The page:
Effects of Ketamine on Rodent Fear Memory
Department of Psychiatry, Uniformed Services University, Bethesda, MD 20814, USA
Center for the Study of Traumatic Stress, Uniformed Services University, Bethesda, MD 20814, USA
Program in Neuroscience, Uniformed Services University, Bethesda, MD 20814, USA
Daniel K. Inouye Graduate School of Nursing, Uniformed Services University, Bethesda, MD 20814, USA
Author to whom correspondence should be addressed.
Int. J. Mol. Sci. 2020, 21(19), 7173; https://doi.org/10.3390/ijms21197173
Received: 2 September 2020 / Revised: 23 September 2020 / Accepted: 25 September 2020 / Published: 28 September 2020
(This article belongs to the Special Issue Modeling Neurological Disorders in Experimental Animals: New Insights and Emerging Roles)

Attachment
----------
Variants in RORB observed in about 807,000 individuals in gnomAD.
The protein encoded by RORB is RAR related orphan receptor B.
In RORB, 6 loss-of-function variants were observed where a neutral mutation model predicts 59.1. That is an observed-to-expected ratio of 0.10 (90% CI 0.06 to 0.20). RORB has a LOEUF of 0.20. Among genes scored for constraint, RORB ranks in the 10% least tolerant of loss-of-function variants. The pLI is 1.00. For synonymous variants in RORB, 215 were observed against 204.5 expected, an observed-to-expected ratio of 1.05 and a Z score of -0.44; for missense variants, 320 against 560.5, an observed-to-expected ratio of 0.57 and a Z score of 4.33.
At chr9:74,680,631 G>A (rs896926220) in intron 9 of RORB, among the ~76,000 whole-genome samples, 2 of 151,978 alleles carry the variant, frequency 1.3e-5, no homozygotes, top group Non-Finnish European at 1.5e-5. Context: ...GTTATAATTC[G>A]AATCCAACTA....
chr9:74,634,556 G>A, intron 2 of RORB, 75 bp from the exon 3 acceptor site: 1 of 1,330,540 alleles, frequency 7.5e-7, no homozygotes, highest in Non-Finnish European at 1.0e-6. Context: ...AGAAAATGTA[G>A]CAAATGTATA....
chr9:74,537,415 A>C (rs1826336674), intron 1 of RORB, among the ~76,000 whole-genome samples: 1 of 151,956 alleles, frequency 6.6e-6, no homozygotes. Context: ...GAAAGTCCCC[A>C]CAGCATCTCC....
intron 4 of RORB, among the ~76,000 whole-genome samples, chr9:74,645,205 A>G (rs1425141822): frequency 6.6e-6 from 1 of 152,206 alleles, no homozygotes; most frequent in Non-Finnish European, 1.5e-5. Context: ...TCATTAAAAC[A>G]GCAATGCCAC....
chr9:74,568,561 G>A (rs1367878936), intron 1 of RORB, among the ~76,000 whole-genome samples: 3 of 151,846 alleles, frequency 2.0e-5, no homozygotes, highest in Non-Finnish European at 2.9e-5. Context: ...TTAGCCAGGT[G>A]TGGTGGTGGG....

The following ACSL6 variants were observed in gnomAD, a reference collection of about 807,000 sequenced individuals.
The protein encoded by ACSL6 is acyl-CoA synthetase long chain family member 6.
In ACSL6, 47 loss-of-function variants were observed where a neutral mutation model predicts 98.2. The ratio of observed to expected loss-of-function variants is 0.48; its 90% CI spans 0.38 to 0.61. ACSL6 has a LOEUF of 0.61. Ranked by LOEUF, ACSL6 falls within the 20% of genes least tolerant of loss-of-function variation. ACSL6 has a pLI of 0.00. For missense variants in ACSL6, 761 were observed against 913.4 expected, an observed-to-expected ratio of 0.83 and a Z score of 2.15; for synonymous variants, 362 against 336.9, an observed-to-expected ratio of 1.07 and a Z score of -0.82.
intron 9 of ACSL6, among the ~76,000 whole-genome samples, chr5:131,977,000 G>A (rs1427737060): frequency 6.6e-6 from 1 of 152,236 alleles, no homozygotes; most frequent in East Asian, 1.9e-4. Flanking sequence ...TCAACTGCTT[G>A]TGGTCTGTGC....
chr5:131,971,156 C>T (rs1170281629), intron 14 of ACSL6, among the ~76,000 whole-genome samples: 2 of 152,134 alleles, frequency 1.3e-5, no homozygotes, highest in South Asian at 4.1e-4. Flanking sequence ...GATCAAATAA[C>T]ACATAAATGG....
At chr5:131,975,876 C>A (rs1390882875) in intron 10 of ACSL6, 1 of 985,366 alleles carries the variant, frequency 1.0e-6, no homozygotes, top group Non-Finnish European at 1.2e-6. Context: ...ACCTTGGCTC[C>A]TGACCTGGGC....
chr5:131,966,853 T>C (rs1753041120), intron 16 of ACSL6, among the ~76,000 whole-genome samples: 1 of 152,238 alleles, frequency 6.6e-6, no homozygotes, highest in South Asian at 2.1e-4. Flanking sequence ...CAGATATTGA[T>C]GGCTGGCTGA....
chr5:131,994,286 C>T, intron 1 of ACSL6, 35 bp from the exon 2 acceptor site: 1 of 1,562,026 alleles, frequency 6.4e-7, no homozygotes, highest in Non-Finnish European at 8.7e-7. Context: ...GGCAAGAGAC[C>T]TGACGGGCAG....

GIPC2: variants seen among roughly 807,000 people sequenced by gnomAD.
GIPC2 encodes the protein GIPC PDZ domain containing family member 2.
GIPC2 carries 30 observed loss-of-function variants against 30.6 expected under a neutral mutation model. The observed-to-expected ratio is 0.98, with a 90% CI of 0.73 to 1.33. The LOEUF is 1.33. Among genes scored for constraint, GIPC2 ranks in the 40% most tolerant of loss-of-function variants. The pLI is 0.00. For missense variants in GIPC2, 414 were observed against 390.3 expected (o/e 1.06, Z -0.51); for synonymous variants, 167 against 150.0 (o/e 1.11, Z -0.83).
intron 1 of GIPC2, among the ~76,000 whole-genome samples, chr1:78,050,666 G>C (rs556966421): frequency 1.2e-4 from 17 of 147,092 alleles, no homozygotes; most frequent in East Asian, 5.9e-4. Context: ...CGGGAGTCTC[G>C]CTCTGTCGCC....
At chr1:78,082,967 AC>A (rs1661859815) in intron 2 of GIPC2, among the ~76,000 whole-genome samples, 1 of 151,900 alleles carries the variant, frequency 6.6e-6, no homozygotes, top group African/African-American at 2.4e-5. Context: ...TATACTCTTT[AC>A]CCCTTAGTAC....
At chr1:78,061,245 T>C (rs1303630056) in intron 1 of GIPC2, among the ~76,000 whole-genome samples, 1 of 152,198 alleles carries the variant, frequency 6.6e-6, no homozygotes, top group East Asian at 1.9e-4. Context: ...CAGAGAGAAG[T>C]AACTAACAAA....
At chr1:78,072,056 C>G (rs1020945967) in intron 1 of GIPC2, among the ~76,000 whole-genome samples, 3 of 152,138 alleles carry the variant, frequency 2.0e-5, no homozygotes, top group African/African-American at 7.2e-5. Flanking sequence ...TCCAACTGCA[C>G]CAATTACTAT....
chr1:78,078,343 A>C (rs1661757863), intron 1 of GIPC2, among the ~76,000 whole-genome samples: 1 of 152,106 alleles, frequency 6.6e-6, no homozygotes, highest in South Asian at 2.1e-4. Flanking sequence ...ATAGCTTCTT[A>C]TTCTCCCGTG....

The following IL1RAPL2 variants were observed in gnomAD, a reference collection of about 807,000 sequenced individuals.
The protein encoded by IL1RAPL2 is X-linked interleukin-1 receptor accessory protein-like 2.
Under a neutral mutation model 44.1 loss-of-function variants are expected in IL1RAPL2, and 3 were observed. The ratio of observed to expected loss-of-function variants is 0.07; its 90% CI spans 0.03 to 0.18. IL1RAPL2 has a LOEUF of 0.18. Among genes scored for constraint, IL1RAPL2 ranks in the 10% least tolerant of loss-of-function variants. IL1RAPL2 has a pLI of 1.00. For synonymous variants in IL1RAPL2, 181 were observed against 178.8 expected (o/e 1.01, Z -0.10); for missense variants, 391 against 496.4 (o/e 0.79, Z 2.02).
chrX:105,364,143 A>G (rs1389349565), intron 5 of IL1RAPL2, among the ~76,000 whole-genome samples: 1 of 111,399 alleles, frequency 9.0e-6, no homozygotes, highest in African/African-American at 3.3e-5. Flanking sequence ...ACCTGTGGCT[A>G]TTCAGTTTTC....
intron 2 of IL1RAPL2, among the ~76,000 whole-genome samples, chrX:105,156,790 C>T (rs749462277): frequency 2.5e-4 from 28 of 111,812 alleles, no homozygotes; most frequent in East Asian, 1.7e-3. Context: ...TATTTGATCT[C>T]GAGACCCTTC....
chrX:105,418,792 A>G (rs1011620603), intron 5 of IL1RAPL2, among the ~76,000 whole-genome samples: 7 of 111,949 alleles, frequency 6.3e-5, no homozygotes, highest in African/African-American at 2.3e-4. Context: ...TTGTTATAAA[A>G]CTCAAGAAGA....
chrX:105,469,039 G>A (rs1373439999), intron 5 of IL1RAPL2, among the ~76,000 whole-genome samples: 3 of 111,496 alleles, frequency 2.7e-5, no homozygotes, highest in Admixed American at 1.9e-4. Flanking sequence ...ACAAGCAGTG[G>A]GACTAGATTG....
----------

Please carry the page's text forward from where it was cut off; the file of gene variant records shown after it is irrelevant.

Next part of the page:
Ketamine, a multimodal anesthetic drug, has become increasingly popular in the treatment of pain following traumatic injury as well as treatment-resistant major depressive disorders. However, the psychological impact of this dissociative medication on the development of stress-related disorders such as post-traumatic stress disorder (PTSD) remains controversial. To address these concerns, preclinical studies have investigated the effects of ketamine administration on fear memory and stress-related behaviors in laboratory animals. Despite a well-documented line of research examining the effects of ketamine on fear memory, there is a lack of literature reviews on this important topic. Therefore, this review article summarizes the current preclinical literature on ketamine and fear memory with a particular emphasis on the route, dose, and timing of ketamine administration in rodent fear conditioning studies. Additionally, this review describes the molecular mechanisms by which ketamine may impact fear memory and stress-related behaviors. Overall, findings from previous studies are inconsistent in that fear memory may be increased, decreased, or unaltered following ketamine administration in rodents. These conflicting results can be explained by factors such as the route, dose, and timing of ketamine administration; the interaction between ketamine and stress; and individual variability in the rodent response to ketamine. This review also recommends that future preclinical studies utilize a clinically relevant route of administration and account for biological sex differences to improve translation between preclinical and clinical investigations.